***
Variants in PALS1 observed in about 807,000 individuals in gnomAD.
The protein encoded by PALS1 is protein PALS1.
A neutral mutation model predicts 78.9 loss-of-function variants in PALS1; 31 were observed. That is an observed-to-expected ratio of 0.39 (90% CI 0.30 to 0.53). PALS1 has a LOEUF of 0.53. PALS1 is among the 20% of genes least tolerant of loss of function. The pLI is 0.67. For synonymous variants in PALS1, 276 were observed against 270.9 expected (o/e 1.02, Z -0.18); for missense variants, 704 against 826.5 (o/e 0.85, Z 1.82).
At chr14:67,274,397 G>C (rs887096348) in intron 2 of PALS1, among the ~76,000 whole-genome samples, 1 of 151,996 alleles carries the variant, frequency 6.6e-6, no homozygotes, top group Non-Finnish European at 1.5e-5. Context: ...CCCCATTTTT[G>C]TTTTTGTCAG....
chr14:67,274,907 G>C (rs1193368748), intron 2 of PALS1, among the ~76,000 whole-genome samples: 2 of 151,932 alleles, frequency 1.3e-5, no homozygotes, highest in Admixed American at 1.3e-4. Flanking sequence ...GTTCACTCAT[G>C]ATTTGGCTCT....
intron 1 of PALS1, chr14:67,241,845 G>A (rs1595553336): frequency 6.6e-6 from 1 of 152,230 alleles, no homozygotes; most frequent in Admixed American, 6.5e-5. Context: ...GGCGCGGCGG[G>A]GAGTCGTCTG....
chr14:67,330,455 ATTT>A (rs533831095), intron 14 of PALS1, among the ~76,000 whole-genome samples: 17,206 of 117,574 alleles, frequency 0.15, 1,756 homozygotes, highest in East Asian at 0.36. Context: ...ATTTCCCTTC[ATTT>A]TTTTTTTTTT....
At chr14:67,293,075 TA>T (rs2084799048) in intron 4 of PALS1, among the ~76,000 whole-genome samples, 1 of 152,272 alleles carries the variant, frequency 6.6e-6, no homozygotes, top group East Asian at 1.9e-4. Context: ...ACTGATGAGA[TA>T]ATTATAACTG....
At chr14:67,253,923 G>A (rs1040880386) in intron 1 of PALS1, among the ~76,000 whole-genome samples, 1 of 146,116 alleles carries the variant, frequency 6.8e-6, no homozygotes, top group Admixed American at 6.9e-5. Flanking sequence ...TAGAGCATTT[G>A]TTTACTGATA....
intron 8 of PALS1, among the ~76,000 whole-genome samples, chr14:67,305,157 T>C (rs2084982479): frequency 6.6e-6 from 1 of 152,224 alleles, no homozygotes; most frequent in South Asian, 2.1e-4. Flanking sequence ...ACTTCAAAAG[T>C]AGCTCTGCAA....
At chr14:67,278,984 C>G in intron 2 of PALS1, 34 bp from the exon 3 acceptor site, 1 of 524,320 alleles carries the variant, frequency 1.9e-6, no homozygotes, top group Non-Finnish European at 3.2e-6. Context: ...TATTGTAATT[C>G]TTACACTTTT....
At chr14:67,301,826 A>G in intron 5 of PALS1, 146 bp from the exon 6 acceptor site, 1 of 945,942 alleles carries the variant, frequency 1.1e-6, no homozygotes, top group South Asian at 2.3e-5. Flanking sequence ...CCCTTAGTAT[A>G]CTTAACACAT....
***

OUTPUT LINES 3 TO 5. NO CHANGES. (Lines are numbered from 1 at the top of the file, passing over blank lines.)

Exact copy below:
A neutral mutation model predicts 78.9 loss-of-function variants in PALS1; 31 were observed. That is an observed-to-expected ratio of 0.39 (90% CI 0.30 to 0.53). PALS1 has a LOEUF of 0.53. PALS1 is among the 20% of genes least tolerant of loss of function. The pLI is 0.67. For synonymous variants in PALS1, 276 were observed against 270.9 expected (o/e 1.02, Z -0.18); for missense variants, 704 against 826.5 (o/e 0.85, Z 1.82).
At chr14:67,274,397 G>C (rs887096348) in intron 2 of PALS1, among the ~76,000 whole-genome samples, 1 of 151,996 alleles carries the variant, frequency 6.6e-6, no homozygotes, top group Non-Finnish European at 1.5e-5. Context: ...CCCCATTTTT[G>C]TTTTTGTCAG....
chr14:67,274,907 G>C (rs1193368748), intron 2 of PALS1, among the ~76,000 whole-genome samples: 2 of 151,932 alleles, frequency 1.3e-5, no homozygotes, highest in Admixed American at 1.3e-4. Flanking sequence ...GTTCACTCAT[G>C]ATTTGGCTCT....